Posted at 7:31 pm in British Museum, Elgin Marbles, Similar cases

Kwame Opoku writes about British Prime Minister David Cameron’s comments on the Koh-i-noor diamond & the Parthenon Marbles during his trip to India.

From:
Kwame Opoku (by email)

DAVID CAMERON RULES OUT THE RETURN OF THE PARTHENON MARBLES AND THE KOHINOOR DIAMOND TO THEIR COUNTIES OF ORIGIN.

On the last day of his trade visit to India, David Cameron, the British Prime Minister, ruled out the return of the Kohinoor Diamond to India and added that the same applied to the Parthenon /Elgin Marbles. (1)

Cameron thought it was best that these objects be left where they are in the care of the British Museum
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July 25, 2012

Nigeria demands return of disputed artefacts acquired by Boston’s Museum of Fine Arts

Posted at 1:07 pm in British Museum, Similar cases

Boston’s Musuem of Fine Arts has recently acquired an assortment of artefacts that were looted during the Benin massacre in 1897. Now, Nigeria’s National Commission for Museums and Monuments is demanding their return.

From:
Huffington Post

Boston’s Museum Of Fine Arts Urged To Return Looted Artifacts To Nigeria
Posted: 07/20/2012 1:56 pm Updated: 07/20/2012 1:56 pm

The National Commission for Museums and Monuments, the governmental body in Nigeria that regulates the nation’s museum systems, is demanding the return of 32 artifacts recently acquired by the Museum of Fine Art in Boston. Consisting of various bronze and ivory sculptures looted during the Benin Massacre of 1897, the Director-General of the commission, Yusuf Abdallah Usman, states that the pieces were illegally taken by the British Expedition as spoils of war.

The MFA in Boston acquired the pieces last month as a gift from New York banker and collector Robert Owen Lehman, who purchased the Benin pieces in the 1950s and 1970s. But the pieces were originally looted by British soldiers in the late 1890s, following the Benin massacre of 1897. In a statement made by Usman, the commission stated: “Without mincing words, these artworks are heirlooms of the great people of the Benin Kingdom and Nigeria generally. They form part of the history of the people. The gap created by this senseless exploitation is causing our people, untold anguish, discomfort and disillusionment.”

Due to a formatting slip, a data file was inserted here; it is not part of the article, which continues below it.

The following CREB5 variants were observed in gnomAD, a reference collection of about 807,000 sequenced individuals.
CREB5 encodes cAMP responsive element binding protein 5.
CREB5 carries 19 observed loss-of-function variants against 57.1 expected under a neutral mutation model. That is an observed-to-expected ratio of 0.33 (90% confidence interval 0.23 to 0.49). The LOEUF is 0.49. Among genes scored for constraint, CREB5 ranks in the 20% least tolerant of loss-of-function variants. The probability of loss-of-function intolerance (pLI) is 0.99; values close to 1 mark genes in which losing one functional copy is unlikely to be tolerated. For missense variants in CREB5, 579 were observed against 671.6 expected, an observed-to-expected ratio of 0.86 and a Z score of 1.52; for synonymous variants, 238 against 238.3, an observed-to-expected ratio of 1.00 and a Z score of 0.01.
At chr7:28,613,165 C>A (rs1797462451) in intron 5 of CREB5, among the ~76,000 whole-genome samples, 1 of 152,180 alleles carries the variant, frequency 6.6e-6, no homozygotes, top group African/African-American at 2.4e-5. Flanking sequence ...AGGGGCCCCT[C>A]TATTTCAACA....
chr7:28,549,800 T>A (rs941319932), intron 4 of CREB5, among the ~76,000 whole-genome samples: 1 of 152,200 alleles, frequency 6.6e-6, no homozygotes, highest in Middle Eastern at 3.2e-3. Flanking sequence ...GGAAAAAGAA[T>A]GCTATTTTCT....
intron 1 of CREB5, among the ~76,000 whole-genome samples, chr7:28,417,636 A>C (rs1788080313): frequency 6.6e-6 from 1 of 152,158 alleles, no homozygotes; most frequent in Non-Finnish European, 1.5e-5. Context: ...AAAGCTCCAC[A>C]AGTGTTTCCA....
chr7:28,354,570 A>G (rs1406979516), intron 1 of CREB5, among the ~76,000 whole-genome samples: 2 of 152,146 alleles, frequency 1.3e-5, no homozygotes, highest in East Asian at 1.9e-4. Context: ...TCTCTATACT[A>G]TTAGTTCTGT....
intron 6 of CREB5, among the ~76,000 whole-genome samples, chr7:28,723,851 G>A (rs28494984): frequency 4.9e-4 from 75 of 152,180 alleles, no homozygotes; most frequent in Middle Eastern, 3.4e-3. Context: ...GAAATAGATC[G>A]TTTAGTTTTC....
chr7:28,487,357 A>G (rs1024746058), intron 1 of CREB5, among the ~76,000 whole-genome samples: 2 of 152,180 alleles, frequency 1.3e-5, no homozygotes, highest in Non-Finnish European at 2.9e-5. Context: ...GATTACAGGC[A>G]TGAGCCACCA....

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July 17, 2012

Nigerian & US museums in conflict over looted artefacts

Posted at 1:03 pm in British Museum, Similar cases

During the British led Benin massacre of 1897, thousands of artefacts were looted by the soldiers carrying out the raids. The most well know of these are the Benin Bronzes in the British Museum, but there are many others too.

From:
All Africa

Nigerian, American Museums Lock Horns Over ‘Stolen’ Artefacts
By Chika Okeke, 15 July 2012

Thousands of Benin artefacts were illegally looted by the colonial masters and European troops during their invasion of the Benin Kingdom. CHIKA OKEKE writes that about 32 priceless objects currently in Museum of Fine Art Boston U.S.A. risk repatriation on account of their failure to meet all legal standards.

The kingdom of Benin artefacts illegally kept in various museums across Britain and the United States of America have been a source of tourist attraction to both visitors and the Citizens. The artefacts are elaborate and hardly can strangers reproduce the original ones that are popular in Benin Kingdom.
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April 3, 2012

Why the Parthenon Marbles are a special case for restitution

Posted at 12:48 pm in British Museum, Elgin Marbles, Similar cases

This article appears as a response to the previous article in the Guardian. There are many things that make the Parthenon Sculptures a special case – the fact that they form part of a greater whole & that they were designed to be seen in a specific context, not as an object could be easily relocated are just a couple of them. This is not to deny that other cases have merit to them as well – each case should be judged alone, as they are so different. The differences are not just in the objects themselves, but in their cultural significance, where they were taken from, when they were taken, the circumstances surrounding their removal etc.